Archive for the ‘Developing Number Sense.’ Category

. Why all the artwork in my workbook?

Wednesday, June 23rd, 2010

teachildmath-coverWhen I wrote my Teach Your Child the Multiplication Tables workbook, I wanted to create the excitement of a circus.  I wanted each page to be as REAL as possible. I had my graphic artist, Rudy Rodriguez, create the cute circus animals and clowns.  I thought it fitting that Rudy the Ringmaster be named for him.

To make the times tables REAL, I used grids.  Children can immediately see how the multiples increase from 1 x 1 to 10 x 10.  This develops number sense.  On a grid, they can see that 5 x 5 really equals 25 squares.  Some children will quickly fill in the tables on the grid so I included circus figure watermarks for children to trace.  I wanted to entertain children as they learned the  times tables.


Children who have an aptitude for math often have an aptitude for art.  Because we were working so much with grids, I asked myself: Why not take the opportunity to teach basic drawing at the same time?   We included eight pages of “copy the circus character on the grid”.   I wanted a workbook that was also a fun activity workbook.  I wanted a workbook that children couldn’t wait to work in.


The first mom to receive a copy of my workbook took it with her on the family’s beach vacation.  She told me her son promised to work on it 20 minutes a day.  She knew she’d have to interrupt his afternoon each day.  But to her surprise her son came out of his room after his nap with the workbook in hand.  Rather than napping, he’d been filling it in.  “I never had to ask him to do his math homework,” she said.  “But to get him to nap, I did have to take the workbook away.”   At that moment, I knew my book would be a success!

Book Recommendation: BUNCHES and BUNCHES of BUNNIES by Louise Matthews

Friday, June 18th, 2010

bunches-and-bunches-of-bunniesFrom time to time, I’ll be posting about favorite children’s books.  Some will have math  stories and others will be favorite storybooks.  I want your child to fall in love with numbers and understand math concepts but I also want your child to fall in love with words!  

Reading to your children not only enhances their vocabulary but also stimulates their imagination.  If you have a passion for reading, your child will too!  Reading to your child is not only fun but creates a special bond between you and your child.  Please add your child’s favorite book in the Leave a Reply box below so that other children will enjoy these too.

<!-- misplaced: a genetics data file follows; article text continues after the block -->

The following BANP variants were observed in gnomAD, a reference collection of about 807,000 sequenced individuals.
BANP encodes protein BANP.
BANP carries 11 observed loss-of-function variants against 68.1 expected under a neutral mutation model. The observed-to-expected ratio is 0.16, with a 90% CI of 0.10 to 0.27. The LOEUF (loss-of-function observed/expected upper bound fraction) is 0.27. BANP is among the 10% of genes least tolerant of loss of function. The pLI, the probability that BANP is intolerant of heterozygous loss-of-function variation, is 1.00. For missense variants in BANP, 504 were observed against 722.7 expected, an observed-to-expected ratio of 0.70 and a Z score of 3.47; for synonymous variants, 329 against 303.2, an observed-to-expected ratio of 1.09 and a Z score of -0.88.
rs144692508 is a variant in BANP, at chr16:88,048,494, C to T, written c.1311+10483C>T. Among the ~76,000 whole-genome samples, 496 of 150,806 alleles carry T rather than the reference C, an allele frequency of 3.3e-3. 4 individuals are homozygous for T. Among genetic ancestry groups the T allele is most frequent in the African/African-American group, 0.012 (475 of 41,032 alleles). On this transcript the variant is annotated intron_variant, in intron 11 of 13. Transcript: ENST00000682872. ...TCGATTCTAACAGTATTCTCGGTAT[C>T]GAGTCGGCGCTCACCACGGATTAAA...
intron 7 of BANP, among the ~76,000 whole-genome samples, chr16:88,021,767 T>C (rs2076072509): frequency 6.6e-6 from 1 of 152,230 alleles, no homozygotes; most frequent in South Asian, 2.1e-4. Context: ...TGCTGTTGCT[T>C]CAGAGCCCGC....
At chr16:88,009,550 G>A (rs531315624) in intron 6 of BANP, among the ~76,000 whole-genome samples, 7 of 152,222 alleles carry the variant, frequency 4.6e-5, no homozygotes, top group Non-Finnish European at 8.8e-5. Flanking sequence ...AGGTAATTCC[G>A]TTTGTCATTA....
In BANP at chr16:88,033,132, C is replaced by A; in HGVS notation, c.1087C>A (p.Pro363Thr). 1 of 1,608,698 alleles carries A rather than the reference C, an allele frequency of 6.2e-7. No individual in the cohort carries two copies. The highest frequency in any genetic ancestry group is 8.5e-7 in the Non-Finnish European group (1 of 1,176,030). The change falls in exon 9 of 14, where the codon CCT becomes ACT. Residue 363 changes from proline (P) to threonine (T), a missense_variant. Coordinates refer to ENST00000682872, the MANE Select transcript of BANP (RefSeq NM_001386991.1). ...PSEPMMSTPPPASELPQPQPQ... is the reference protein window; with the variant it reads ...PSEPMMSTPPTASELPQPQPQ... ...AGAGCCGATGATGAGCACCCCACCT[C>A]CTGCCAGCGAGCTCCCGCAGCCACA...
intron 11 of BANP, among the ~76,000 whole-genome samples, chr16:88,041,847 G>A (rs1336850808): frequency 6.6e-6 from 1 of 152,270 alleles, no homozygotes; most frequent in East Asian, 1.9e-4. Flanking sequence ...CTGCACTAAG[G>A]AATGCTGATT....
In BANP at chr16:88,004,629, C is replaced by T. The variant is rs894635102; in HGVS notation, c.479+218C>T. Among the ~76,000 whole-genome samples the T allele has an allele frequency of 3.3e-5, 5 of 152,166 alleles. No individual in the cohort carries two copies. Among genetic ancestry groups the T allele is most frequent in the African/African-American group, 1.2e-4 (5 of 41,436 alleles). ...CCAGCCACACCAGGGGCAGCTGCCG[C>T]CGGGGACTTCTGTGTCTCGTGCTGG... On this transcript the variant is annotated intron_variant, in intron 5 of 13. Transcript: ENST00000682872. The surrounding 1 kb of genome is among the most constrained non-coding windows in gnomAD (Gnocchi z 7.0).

Here’s a  favorite multiplication book: 

    BUNCHES and BUNCHES of BUNNIES  by Louise Matthews, published by Scholastic with delightful illustrations by Jeni Bassett.

    Your child too will have fun reading about these cute, silly little bunnies while learning basic principles of multiplication.  Each page illustrates what happens when you square a number, that is multiply a number by itself  (1 x 1,  2 x 2,  3 x 3, etc.)   till we end up with 144 bunny relatives living in one house!  Each multiplication has a four line poem with a cute, memorable rhyme such as:       

                                 Count the bunnies at the ball,

                                 Rabbit partners, short and tall,

                                 Now the music comes alive,

                                 And 5 x 5 is 25.




Book Recommendation: ANNO’S MAGIC SEEDS

Friday, June 18th, 2010

annos-magic-seedsIf you haven’t come across Anno’s storybooks with their beautiful watercolor illustrations, you and your children are in for a special treat! 

See what happens to Jack when a wizard gives him two golden seeds and tells him to eat one and bury the other.   Jack’s planting these seeds introduces children not only to the concept of multiplying but also investing in the future.  As Jack reaps more and more abundant harvests, he marries and has a child.  When a hurricane wipes out his crops, Anno is able to begin anew because ten golden seeds have been saved. 

This enchanting tale entertwines literature, art and math concepts.  Parents and teachers will reap rewards with this book.  Why not stimulate interest in math by seeing mathematical concepts in an a enchanting “real world” storybook context?     The beautiful illustrations alone tell the story.  The youngest of your children too will be turning page after page.